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Selling on Friday

From The Tom Haag Estate Collection

1968 Plymouth Road Runner Hemi Coupe

  • Meticulously restored in original color of Matador Red
  • Factory 426-cid Hemi V-8 engine, TorqueFlite automatic transmission
  • Built to export specs but never left the country
  • Muscle Car Review feature car, “Hot-Roddicus Supersonicus”
  • Deluxe interior, “Dog Dish” hubcaps, Music Master AM radio

Register To Bid Auction Info

Over the years, concerned groups of parents have gone after companies that used cartoonish advertising figures or characters for directing the youth of the day toward bad habits, such as the recent ban on cartoons being used to advertise junk food. As far as we know, no one has ever come after Plymouth for its use of the cartoon character, the Road Runner. Back in the summer of 1967, Chrysler Sales and Marketing man, Gordon Cherry was home watching Saturday morning cartoons with his kids when the speedy little Road Runner came on screen with Wile E. Coyote in hot pursuit. They had been looking for a good name for Plymouth’s intermediate performance-oriented new entry to the market. Come Monday morning, Cherry presented the idea to his boss, Jack Smith, who liked the idea. Using the Road Runner met with some resistance from the executive committee and, after lots of pleading, it was given the green light. A marketing deal was made with Warner Bros. for the use of Road Runner, with the likeness of Wile E. Coyote thrown in for advertising purposes – all that for a reported $50,000 payment. It was a genius idea, with Plymouth wanting to appeal to the younger generation, many of whom had grown up watching Road Runner as a hero of sorts, and the humorous ad campaign brought customers to showrooms resulting in 44,000 units being sold in its first season.

To create this muscle-bound four-wheeled bird, engineers started with the entry-level Belvedere coupe and then installed heavy-duty front and rear suspension parts. The 383 “wedge” V-8, already rated at a hefty 290 HP, was treated to a high-lift cam, high-performance heads, dual exhausts, and a fuel-thirsty four-barrel carburetor which added 40 horses. So economical were these first Road Runners, bucket seats and a console were not even offered as accessories. Only one optional engine could be ordered, the mighty 426-cid Hemi V-8. To complete the package, Plymouth reportedly spent $10,000 just on the development of the “Meep-Meep” horn. This Road Runner was inspected by an authority within the world of Mopar muscle and he determined that this particular Road Runner had originally been designated as an export car. However, it has never left the U.S., and is reportedly the only Roadrunner with this interesting history. Restored in the early 2000s, it was finished in its original Matador Red with the deluxe two-tone vinyl bench seat. Restored to factory specifications, nothing was overlooked. Mounted in the dash is the push-button Music Master AM radio plus the lever-operated heater and defroster. Steel wheels painted to match the body are fitted with base hubcaps, a sign of being a performance vehicle of the highest caliber.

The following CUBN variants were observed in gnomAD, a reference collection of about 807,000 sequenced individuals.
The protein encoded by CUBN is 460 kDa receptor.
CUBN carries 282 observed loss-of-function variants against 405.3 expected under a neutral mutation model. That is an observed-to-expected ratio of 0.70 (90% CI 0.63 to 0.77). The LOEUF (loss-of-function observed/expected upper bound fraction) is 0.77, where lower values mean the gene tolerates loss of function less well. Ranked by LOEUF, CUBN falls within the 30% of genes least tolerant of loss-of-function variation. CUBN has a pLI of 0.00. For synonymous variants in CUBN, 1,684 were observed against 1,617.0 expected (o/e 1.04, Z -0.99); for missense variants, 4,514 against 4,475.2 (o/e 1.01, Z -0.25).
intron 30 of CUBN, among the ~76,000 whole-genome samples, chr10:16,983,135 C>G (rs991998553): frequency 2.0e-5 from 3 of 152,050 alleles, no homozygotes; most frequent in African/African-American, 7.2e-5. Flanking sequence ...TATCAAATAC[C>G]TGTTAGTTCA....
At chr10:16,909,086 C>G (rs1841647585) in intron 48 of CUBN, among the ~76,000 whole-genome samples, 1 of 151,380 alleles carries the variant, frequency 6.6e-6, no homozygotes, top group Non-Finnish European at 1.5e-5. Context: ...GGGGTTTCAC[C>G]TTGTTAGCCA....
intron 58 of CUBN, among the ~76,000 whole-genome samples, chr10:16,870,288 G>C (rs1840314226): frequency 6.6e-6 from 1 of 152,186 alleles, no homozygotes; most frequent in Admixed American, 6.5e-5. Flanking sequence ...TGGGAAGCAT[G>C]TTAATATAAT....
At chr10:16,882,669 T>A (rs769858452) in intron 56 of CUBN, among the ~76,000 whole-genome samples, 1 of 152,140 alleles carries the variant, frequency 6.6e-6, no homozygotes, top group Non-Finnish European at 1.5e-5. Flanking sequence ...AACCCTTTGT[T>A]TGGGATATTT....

Keeping with the less is more theme, the car is riding on a set of Firestone F70 X 15” blackwall tires. Open the hood and the engine presents as a wonderful piece of art with a chrome air-filter housing, blank crinkle finish on the head, a properly painted block, and its accessories; everything is correct down to the tan distributor cap. Even the trunk is finished sporting the proper jack and wrench and a vintage red-line tire on a finished wheel. The undersides of the car are just as clean and fresh as the day it was assembled. According to the original fender tag, this Road Runner left the Lynch Road plant in Michigan on January 23, 1968, and its original owner must have fallen in love. Its authenticity has been decoded and verified and it is included in the Chrysler Registry. Plus, in the July 2008 issue of Muscle Car Review, it was featured in a multi-page article titled “Hot-Roddicus Supersonicus”. While this perky Plymouth is 55 years old, we would wager it will still get up and give that old coyote a run for his money and come out far in the lead. Don’t let it get away from you.

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